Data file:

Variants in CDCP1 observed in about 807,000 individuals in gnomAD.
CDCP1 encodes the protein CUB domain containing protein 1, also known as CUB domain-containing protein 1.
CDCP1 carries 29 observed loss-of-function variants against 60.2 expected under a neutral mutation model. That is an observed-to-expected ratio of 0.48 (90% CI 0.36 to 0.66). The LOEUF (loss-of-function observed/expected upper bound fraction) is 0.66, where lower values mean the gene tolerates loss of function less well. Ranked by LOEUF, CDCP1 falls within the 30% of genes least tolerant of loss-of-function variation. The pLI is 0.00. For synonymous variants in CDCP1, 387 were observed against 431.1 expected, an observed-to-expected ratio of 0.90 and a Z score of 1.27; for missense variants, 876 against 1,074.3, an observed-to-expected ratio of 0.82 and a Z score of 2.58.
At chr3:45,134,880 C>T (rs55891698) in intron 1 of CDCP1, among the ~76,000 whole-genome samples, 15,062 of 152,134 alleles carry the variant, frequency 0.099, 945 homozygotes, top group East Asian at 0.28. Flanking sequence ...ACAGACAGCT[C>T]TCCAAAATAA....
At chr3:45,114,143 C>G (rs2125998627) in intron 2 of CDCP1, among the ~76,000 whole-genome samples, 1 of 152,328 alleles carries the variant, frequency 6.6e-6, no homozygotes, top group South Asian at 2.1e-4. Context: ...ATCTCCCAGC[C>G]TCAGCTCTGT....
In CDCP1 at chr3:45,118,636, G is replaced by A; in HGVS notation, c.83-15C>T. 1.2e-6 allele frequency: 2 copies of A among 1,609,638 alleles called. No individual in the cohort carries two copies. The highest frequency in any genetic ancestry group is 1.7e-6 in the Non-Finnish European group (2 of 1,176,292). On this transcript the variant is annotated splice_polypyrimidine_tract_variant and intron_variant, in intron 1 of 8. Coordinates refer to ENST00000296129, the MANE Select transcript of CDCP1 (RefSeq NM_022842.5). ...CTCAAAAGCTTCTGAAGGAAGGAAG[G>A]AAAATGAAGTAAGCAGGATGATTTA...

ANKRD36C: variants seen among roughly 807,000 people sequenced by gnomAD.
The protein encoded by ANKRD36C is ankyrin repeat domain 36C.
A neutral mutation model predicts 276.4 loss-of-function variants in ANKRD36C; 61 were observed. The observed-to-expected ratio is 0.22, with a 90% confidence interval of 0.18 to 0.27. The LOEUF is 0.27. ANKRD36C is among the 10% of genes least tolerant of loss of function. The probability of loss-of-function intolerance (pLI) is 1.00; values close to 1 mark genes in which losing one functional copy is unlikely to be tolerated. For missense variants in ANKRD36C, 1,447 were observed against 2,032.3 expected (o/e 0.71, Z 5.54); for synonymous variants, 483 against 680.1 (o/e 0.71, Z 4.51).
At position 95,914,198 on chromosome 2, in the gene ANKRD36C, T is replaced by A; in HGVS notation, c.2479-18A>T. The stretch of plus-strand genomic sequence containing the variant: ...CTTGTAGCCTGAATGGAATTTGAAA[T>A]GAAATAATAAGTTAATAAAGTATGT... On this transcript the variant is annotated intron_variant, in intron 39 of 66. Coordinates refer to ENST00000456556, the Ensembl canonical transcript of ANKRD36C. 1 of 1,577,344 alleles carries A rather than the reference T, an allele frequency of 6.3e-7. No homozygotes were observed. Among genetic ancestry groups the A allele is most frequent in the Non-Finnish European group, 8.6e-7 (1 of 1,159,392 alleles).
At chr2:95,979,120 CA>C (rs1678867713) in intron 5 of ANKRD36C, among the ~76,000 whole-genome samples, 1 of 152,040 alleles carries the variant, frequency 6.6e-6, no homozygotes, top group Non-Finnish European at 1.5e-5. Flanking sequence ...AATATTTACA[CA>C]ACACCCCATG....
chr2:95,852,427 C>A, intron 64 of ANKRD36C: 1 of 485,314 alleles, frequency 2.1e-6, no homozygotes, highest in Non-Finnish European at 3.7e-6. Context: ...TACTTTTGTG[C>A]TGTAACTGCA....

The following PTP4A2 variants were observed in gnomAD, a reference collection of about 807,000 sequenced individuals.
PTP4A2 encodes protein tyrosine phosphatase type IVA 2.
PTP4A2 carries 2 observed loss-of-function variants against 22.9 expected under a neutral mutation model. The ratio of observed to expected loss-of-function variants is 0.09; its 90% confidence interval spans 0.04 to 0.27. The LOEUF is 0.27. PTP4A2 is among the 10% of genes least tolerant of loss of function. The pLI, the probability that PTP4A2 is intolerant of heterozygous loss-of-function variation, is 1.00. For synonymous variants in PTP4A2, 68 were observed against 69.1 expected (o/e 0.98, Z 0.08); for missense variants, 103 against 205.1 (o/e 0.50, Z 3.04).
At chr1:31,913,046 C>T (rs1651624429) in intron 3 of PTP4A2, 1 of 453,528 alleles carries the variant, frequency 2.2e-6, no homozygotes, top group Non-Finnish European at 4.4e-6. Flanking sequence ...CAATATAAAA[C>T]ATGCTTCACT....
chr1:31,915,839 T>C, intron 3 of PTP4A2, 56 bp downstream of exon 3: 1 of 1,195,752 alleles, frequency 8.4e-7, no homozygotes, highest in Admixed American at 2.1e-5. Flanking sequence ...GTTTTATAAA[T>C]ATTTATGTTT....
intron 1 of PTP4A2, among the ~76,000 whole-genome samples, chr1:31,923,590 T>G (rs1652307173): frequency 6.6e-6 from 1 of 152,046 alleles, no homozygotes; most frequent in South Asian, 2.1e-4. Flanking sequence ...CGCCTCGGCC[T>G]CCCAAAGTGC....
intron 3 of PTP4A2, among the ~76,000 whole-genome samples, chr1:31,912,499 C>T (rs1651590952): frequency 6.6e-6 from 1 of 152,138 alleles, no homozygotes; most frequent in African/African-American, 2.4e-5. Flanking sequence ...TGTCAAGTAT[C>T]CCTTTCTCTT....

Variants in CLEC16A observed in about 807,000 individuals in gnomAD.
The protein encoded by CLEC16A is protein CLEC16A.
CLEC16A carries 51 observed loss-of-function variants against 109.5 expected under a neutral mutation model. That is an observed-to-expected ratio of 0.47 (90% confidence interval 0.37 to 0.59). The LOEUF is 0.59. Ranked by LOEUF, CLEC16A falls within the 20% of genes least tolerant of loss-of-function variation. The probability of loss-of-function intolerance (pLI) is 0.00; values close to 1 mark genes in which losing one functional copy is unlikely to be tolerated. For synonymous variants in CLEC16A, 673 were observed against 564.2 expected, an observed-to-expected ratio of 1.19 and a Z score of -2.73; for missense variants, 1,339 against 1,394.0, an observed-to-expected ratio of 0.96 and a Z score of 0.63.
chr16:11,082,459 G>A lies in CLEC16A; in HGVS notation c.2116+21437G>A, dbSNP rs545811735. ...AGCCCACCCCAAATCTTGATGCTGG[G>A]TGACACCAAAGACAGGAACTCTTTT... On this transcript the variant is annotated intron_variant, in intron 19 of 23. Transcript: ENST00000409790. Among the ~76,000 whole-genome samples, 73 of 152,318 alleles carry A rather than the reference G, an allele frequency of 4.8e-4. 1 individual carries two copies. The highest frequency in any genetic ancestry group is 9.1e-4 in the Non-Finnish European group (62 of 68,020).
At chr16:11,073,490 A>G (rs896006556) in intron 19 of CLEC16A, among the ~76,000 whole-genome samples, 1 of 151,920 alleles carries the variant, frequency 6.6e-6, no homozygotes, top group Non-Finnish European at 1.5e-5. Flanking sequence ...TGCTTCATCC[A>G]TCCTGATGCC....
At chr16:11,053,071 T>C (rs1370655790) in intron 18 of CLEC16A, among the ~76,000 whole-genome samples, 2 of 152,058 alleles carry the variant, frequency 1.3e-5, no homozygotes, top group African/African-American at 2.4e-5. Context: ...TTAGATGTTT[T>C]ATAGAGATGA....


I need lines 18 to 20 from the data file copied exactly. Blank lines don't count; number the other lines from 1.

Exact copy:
intron 1 of PTP4A2, among the ~76,000 whole-genome samples, chr1:31,923,590 T>G (rs1652307173): frequency 6.6e-6 from 1 of 152,046 alleles, no homozygotes; most frequent in South Asian, 2.1e-4. Flanking sequence ...CGCCTCGGCC[T>G]CCCAAAGTGC....
intron 3 of PTP4A2, among the ~76,000 whole-genome samples, chr1:31,912,499 C>T (rs1651590952): frequency 6.6e-6 from 1 of 152,138 alleles, no homozygotes; most frequent in African/African-American, 2.4e-5. Flanking sequence ...TGTCAAGTAT[C>T]CCTTTCTCTT....

Variants in CLEC16A observed in about 807,000 individuals in gnomAD.